Is the SanDisk Ultra microSD with oemid “PT” a counterfeit card?

I’m writing a SD/MMC NuttX driver for LPC43xx and today a bought a SanDisk Ultra 16GB microSD to do some test because my old SD Cards are slow and counterfeited cards.

First let put it on Linux and see what we get:

$ cat /sys/class/mmc_host/mmc0/mmc0\:0007/cid 

$ cat /sys/class/mmc_host/mmc0/mmc0\:0007/csd

$ cat /sys/class/mmc_host/mmc0/mmc0\:0007/date

$ cat /sys/class/mmc_host/mmc0/mmc0\:0007/erase_size

$ cat /sys/class/mmc_host/mmc0/mmc0\:0007/fwrev

$ cat /sys/class/mmc_host/mmc0/mmc0\:0007/hwrev 

$ cat /sys/class/mmc_host/mmc0/mmc0\:0007/manfid 

$ cat /sys/class/mmc_host/mmc0/mmc0\:0007/name 

$ cat /sys/class/mmc_host/mmc0/mmc0\:0007/oemid

$ cat /sys/class/mmc_host/mmc0/mmc0\:0007/scr

$ cat /sys/class/mmc_host/mmc0/mmc0\:0007/serial 

$ cat /sys/class/mmc_host/mmc0/mmc0\:0007/type 

At first I noted the oemid 0x5054 (“PT”) a little bit strange.
Then searching for it I found this thread:

Then decided to test using flashbench:

$ sudo apt-get install flashbench

$ sudo flashbench -a /dev/mmcblk0 --blocksize=1024
align 4294967296	pre 1.33ms	on 1.65ms	post 1.35ms	diff 308µs
align 2147483648	pre 1.34ms	on 1.66ms	post 1.36ms	diff 308µs
align 1073741824	pre 1.33ms	on 1.65ms	post 1.34ms	diff 312µs
align 536870912	pre 1.35ms	on 1.65ms	post 1.35ms	diff 306µs
align 268435456	pre 1.35ms	on 1.64ms	post 1.35ms	diff 290µs
align 134217728	pre 1.34ms	on 1.67ms	post 1.34ms	diff 324µs
align 67108864	pre 1.34ms	on 1.64ms	post 1.34ms	diff 298µs
align 33554432	pre 1.34ms	on 1.67ms	post 1.36ms	diff 316µs
align 16777216	pre 1.35ms	on 1.64ms	post 1.36ms	diff 287µs
align 8388608	pre 1.32ms	on 1.68ms	post 1.36ms	diff 342µs
align 4194304	pre 1.36ms	on 1.64ms	post 1.37ms	diff 278µs
align 2097152	pre 1.36ms	on 1.6ms	post 1.35ms	diff 241µs
align 1048576	pre 1.36ms	on 1.6ms	post 1.34ms	diff 250µs
align 524288	pre 1.36ms	on 1.61ms	post 1.36ms	diff 250µs
align 262144	pre 1.36ms	on 1.59ms	post 1.35ms	diff 238µs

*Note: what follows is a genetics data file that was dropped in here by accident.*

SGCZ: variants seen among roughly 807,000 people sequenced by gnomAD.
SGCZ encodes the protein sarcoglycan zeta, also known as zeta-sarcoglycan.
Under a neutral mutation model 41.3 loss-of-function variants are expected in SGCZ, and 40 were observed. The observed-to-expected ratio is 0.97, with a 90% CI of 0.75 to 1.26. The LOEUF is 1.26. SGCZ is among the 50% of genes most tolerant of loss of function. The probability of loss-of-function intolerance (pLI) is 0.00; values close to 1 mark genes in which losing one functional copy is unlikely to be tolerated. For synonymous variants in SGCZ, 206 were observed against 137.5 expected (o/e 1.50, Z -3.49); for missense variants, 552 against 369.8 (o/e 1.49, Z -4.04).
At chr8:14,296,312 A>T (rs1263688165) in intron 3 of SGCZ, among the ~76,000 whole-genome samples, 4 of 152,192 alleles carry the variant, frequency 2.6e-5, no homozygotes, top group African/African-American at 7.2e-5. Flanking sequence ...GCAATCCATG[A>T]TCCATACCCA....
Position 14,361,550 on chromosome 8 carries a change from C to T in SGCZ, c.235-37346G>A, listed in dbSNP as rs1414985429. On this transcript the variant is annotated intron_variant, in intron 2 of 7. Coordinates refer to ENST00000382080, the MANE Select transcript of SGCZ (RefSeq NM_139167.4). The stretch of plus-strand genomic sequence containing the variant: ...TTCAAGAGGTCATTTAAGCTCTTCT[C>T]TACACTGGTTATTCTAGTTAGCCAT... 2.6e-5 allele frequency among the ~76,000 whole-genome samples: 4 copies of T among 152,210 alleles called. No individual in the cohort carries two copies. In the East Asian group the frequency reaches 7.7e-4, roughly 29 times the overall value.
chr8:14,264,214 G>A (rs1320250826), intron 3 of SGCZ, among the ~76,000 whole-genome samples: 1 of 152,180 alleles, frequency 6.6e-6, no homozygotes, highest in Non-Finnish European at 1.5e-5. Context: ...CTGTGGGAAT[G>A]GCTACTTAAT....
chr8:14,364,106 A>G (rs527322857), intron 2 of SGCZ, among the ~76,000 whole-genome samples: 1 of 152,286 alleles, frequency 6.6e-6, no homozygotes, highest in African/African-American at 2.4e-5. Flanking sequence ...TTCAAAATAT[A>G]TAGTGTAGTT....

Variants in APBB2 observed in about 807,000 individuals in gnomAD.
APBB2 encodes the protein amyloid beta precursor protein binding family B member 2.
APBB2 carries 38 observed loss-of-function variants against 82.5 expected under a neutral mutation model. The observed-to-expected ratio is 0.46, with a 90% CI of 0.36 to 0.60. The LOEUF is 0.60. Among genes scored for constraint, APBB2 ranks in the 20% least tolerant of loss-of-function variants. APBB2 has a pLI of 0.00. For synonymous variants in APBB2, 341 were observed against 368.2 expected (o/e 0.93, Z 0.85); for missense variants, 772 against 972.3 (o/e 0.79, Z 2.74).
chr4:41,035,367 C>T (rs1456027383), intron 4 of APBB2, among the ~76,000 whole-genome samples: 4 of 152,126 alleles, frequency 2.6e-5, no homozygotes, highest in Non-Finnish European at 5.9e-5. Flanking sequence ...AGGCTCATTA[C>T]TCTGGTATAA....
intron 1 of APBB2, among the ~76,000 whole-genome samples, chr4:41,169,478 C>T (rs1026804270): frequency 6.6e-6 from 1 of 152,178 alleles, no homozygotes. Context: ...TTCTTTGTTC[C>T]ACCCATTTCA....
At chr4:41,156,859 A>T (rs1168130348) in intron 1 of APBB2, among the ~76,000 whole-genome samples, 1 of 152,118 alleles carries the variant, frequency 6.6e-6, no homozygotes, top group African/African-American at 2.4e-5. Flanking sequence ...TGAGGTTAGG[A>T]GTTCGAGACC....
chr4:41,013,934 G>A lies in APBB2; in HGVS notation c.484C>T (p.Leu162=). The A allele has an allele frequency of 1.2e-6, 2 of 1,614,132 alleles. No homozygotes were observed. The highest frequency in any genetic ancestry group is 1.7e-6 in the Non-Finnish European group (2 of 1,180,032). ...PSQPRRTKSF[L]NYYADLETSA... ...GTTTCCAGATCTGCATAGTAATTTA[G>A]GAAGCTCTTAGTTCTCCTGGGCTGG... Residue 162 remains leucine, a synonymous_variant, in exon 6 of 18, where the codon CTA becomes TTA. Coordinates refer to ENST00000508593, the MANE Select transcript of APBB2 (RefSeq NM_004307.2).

align 131072	pre 1.32ms	on 1.59ms	post 1.34ms	diff 261µs
align 65536	pre 1.34ms	on 1.6ms	post 1.35ms	diff 252µs
align 32768	pre 1.35ms	on 1.59ms	post 1.33ms	diff 253µs
align 16384	pre 1.35ms	on 1.58ms	post 1.35ms	diff 227µs
align 8192	pre 1.36ms	on 1.47ms	post 1.37ms	diff 108µs
align 4096	pre 1.36ms	on 1.58ms	post 1.36ms	diff 222µs
align 2048	pre 1.38ms	on 1.39ms	post 1.37ms	diff 8.03µs

$ sudo flashbench -O /dev/mmcblk0 --open-au-nr=1 --random
4MiB    4.43M/s 
2MiB    3.5M/s  
1MiB    14.1M/s 
512KiB  2.97M/s 
256KiB  2.9M/s  
128KiB  3.44M/s 
64KiB   2.53M/s 
32KiB   1.76M/s 
16KiB   1.65M/s 

$ sudo flashbench -O /dev/mmcblk0 --open-au-nr=2 --random
4MiB    7.37M/s 
2MiB    4.01M/s 
1MiB    13.9M/s 
512KiB  3.56M/s 
256KiB  3.3M/s  
128KiB  2.77M/s 
64KiB   2.26M/s 
32KiB   2.14M/s 
16KiB   1.86M/s 

$ sudo flashbench -O /dev/mmcblk0 --open-au-nr=4 --random
4MiB    4.88M/s 
2MiB    4.57M/s 
1MiB    7.14M/s 
512KiB  3.26M/s 
256KiB  2.98M/s 
128KiB  2.66M/s 
64KiB   2.7M/s  
32KiB   2.16M/s 
16KiB   1.8M/s  

$ sudo flashbench -O /dev/mmcblk0 --open-au-nr=8 --random
4MiB    5.31M/s 
2MiB    3.93M/s 
1MiB    11.8M/s 
512KiB  3.18M/s 
256KiB  3.03M/s 
128KiB  2.74M/s 
64KiB   2.57M/s 
32KiB   2.25M/s 
16KiB   1.86M/s 

$ sudo flashbench -O /dev/mmcblk0 --open-au-nr=9 --random
4MiB    3.37M/s 
2MiB    3.7M/s  
1MiB    12.2M/s 
512KiB  3.2M/s  
256KiB  2.92M/s 
128KiB  2.87M/s 
64KiB   2.58M/s 
32KiB   2.27M/s 
16KiB   1.87M/s 

$ sudo flashbench -O /dev/mmcblk0 --open-au-nr=10 --random
4MiB    3.34M/s 
2MiB    3.12M/s 
1MiB    3.86M/s 
512KiB  1.99M/s 
256KiB  1.31M/s 
128KiB  663K/s  
64KiB   285K/s